1. No rest for the weary: We barely finished the U.S. Open trophy presentation and, voila, it's on to Davis Cup play! So it goes in tennis, where the schedule resembles those calendars in black-and-white movies, the pages flying off at breakneck speed. Unfortunately, the playing demands -- coupled with travel -- exacts a price on the athletes' bodies and, by extension, the quality of tennis. In Belgrade, the Serbians were unable to defend their title, as the visiting Argentines scored an "upset grande," helped by the fatigue of the hosts.
With Argentina leading 2-1, Serbia called Novak Djokovic off the bench. Djokovic was than a week removed from his U.S. Open title and had hoped to avoid duty. But desperate times call for desperate measures. Unfortunately there were no heroics. After a taut first set against Juan Martin del Potro, Djokovic retired with a lower back injury. In as much as it counts, this marked only his third "defeat" of 2011. In a sadly ironic way, by making himself available, he may have undercut his claims to the "best ever" season.
2. Spain routs France: In Cordoba, the Spanish team didn't merely win, but absolutely trounced France, 4-1. True, the result of this tie was likely decided as soon as the hosts laid down an outdoor clay court. But note these scorelines:
Rafael Nadal (ESP) d. Richard Gasquet (FRA) 6-3, 6-0, 6-1.David Ferrer (ESP) d. Gilles Simon (FRA) 6-1, 6-4, 6-1.Michael Llodra/Jo-Wilfried Tsonga (FRA) d. Feliciano Lopez/Fernando Verdasco (ESP) 6-1, 6-2, 6-0.Rafael Nadal (ESP) d. Jo-Wilfried Tsonga (FRA) 6-0, 6-2, 6-4.Fernando Verdasco (ESP) d. Richard Gasquet (FRA) 6-2, 6-1.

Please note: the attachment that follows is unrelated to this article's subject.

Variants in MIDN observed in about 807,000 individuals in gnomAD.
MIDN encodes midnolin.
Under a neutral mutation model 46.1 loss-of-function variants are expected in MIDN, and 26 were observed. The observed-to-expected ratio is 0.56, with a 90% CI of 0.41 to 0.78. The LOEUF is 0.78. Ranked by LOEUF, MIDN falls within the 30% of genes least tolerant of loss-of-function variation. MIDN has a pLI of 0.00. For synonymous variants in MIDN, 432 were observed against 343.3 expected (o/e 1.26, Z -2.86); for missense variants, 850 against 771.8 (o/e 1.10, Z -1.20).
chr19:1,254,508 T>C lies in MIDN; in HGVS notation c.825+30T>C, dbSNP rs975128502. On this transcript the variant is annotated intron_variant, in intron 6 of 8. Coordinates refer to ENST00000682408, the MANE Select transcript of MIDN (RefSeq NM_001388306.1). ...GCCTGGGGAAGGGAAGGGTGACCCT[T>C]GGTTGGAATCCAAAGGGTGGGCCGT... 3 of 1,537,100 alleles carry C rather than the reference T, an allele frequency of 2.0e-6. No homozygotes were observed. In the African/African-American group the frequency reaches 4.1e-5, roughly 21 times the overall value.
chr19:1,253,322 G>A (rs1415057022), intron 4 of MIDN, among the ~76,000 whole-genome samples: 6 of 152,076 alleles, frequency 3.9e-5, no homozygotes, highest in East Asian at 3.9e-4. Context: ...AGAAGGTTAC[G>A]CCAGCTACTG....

Note, too, that, less than a week from a grueling U.S. Open final weekend, Nadal had hoped Spain's 2-0 lead after Friday's opening singles rubbers would allow him to rest come Sunday. But when Llodra and Tsonga romped past Lopez and Verdasco in Saturday's doubles, it was back to work for the world No. 2 on Sunday.
What little drama there was came when Nadal -- moving into the position of ATP labor leader -- complained about the schedule, made veiled references to a potential work stoppage and suggested that the talk that surfaced during the U.S. Open was not simply empty rhetoric.
Stay tuned here.
3. Champions Series: Not for nothing do they call tennis the sport of a lifetime. They may be in their 40s and 50s -- in some cases, two full decades removed from their playing primes -- but six faces on American tennis' equivalent of Mt. Rushmore (Jim Courier, Andre Agassi, Jimmy Connors, John McEnroe, Michael Chang and Pete Sampras), kick off the Champions Series this week. A cross between a tennis league and concert tour, the series will wend its way its way across the U.S. these next few weeks.